Payments Monitoring Made Easy: A Practical Guide to Canary by Pagos
At Pagos, we understand that your payments data holds the key to better customer experience, revenue, and optimization. That’s why we work hard to continually improve Canary, a product that monitors your payments performance so you don’t have to. Canary by Pagos is our data anomaly detection solution, designed to unify payments data from various platforms into one place and custom programmed to notify you when critical metrics change unexpectedly. Similar to Peacock, Canary is constructed upon Pagos’ data aggregation and standardization platform, making it exceptionally user-friendly. All you need to do to get started with Canary is connect your data (with our no-code integrations) and you can instantly begin monitoring payment channels, identifying consumer behavior patterns, and foreseeing potential avenues for business expansion. When you have our Canary alerting you to issues in your coal mine, you’ll never miss a growth opportunity again!
That being said, Canary employs several terms and concepts that might seem complex at first glance. In this blog post, we’ll break down the critical vocabulary used in Canary, making it more accessible to everyone.
The primary action to take when using Canary is setting up triggers. But what is a trigger? What do we mean when we speak about configuring or building out triggers? A trigger is the set of conditions that, when met, spark Canary to send you an alert via email, Slack, or general webhook. You can think of them as fully customizable instructions for telling Canary what aspects of your payments data you want to keep an eye on. Ultimately, they’re at the heart of how this powerful tool can help your business automate responses to potential issues.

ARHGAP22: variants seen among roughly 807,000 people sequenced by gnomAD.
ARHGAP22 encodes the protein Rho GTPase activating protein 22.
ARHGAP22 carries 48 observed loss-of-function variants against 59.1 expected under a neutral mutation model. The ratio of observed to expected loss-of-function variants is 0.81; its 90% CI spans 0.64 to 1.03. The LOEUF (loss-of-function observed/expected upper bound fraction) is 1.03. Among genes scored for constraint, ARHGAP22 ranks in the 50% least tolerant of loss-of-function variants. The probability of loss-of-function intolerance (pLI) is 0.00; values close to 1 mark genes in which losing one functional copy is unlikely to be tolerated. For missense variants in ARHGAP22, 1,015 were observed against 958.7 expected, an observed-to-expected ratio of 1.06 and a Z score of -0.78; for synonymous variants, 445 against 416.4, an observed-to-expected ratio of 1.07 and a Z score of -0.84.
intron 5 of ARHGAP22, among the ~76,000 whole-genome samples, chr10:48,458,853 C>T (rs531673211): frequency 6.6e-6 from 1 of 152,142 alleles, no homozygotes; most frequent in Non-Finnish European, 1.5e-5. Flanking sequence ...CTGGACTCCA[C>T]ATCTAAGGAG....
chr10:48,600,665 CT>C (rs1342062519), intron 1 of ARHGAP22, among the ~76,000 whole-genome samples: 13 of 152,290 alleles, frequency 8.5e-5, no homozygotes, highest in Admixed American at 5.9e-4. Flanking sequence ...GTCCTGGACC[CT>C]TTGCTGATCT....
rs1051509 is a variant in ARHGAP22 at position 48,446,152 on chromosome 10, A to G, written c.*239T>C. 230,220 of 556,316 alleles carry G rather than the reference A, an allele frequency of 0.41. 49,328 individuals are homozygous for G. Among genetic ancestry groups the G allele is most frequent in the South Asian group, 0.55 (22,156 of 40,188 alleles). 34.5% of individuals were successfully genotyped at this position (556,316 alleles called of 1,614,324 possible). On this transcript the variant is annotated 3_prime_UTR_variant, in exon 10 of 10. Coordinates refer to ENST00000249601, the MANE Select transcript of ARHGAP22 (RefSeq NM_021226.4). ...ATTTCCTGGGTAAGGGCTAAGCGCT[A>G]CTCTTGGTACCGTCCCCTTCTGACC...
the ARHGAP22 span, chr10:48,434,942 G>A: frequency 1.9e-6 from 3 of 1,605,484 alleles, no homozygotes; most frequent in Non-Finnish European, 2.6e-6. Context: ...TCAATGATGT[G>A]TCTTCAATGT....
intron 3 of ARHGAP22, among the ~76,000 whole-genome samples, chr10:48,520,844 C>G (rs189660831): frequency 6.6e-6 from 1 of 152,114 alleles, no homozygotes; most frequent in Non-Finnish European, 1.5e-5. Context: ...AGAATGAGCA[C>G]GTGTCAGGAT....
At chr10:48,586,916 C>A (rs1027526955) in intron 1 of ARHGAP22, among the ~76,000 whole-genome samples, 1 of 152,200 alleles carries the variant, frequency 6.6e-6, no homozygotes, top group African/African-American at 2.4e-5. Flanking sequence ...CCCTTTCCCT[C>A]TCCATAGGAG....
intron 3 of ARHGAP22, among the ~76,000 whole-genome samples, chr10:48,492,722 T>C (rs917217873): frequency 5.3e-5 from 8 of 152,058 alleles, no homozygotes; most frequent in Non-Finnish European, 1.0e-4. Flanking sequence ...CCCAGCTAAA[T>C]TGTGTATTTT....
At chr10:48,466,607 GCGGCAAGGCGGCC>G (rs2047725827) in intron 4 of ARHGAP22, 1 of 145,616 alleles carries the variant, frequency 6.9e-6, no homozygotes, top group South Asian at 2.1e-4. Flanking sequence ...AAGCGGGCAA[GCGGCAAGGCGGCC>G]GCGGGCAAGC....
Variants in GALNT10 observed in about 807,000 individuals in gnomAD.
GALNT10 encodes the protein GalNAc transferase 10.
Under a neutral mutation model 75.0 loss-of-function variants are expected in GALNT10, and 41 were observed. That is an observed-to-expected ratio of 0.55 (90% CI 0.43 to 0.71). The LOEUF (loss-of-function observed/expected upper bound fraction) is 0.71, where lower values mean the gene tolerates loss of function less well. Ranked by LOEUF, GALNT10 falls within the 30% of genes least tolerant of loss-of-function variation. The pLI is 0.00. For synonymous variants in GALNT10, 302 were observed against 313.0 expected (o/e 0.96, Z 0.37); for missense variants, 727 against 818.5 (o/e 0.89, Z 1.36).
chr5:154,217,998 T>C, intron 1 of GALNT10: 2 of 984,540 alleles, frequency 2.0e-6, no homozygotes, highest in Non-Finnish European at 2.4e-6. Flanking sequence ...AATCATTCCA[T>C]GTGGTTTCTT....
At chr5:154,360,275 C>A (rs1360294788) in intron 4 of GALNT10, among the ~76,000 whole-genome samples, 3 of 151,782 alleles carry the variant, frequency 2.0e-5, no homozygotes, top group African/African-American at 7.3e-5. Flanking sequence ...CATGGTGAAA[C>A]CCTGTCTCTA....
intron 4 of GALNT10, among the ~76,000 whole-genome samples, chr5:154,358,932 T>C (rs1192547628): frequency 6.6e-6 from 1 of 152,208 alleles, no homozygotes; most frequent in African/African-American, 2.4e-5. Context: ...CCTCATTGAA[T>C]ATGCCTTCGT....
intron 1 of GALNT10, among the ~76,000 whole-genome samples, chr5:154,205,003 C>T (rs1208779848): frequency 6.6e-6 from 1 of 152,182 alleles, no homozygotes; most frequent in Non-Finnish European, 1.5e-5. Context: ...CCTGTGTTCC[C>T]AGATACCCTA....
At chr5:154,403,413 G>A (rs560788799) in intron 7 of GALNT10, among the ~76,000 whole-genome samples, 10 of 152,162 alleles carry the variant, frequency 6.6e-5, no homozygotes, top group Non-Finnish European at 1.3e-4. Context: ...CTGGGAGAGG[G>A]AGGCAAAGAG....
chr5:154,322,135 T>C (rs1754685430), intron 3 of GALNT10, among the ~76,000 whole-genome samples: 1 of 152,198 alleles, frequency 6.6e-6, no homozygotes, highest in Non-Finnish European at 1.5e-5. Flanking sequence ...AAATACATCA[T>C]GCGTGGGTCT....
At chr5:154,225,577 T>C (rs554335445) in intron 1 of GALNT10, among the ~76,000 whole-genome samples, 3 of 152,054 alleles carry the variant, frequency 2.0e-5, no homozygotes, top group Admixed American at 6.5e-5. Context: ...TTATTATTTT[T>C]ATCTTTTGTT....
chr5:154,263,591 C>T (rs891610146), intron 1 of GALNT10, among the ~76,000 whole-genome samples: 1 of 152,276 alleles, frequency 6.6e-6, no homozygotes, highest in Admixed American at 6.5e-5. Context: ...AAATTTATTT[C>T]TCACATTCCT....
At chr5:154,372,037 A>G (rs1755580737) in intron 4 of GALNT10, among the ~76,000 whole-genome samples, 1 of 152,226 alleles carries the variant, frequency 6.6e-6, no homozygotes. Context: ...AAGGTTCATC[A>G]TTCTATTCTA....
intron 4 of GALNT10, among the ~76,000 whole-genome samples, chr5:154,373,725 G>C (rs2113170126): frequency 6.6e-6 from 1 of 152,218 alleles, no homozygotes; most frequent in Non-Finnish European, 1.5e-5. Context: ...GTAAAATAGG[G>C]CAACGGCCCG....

More technically, triggers define when a particular payments metric requires your attention because it has increased or decreased beyond a value you’re comfortable with. In other words, you configure a trigger and when your data changes enough to “trip” that trigger, Canary squawks at you about the change (figuratively speaking). You can create triggers that alert you of changes to your full data set or just specific segments of data; for example, a trigger can alert you when your aggregate approval rate decreases below a specific value, or when only your approval rate for Visa transactions drops unexpectedly.
To view and manage all your existing triggers, click Triggers in the navigation bar. When you click on a trigger in the Trigger List on this page, a Trigger Details side panel opens containing all the fields configured to generate that trigger. You can learn more about setting up triggers in the Pagos Product Documentation. Now, let’s take a closer look at what the different trigger components mean and how we can take advantage of setting them correctly.
At the heart of every Canary trigger is a payments metric you want to monitor to ensure the health of your system and processes. You can set up triggers in Canary for a large number of metrics, from approvals and chargebacks to transactions and refunds. For many of these metrics, Canary provides a count, value, and rate version. For example, let’s look at refunds as a key metric for your business. Say you’re interested in keeping refunds rate, count, and value as low as possible. As such, you could build out three separate Canary triggers, each monitoring a different metric:
- Refund Rate – The percentage of total transactions refunded in a given time period, calculated by dividing the total number of refunds processed by the total number of transactions.
- Refunded Transaction Count – The total number of refunds processed in a given time period.
- Refunded Transaction Value – The total value (in your business’s operating currency) of all refunded transaction in a given time period.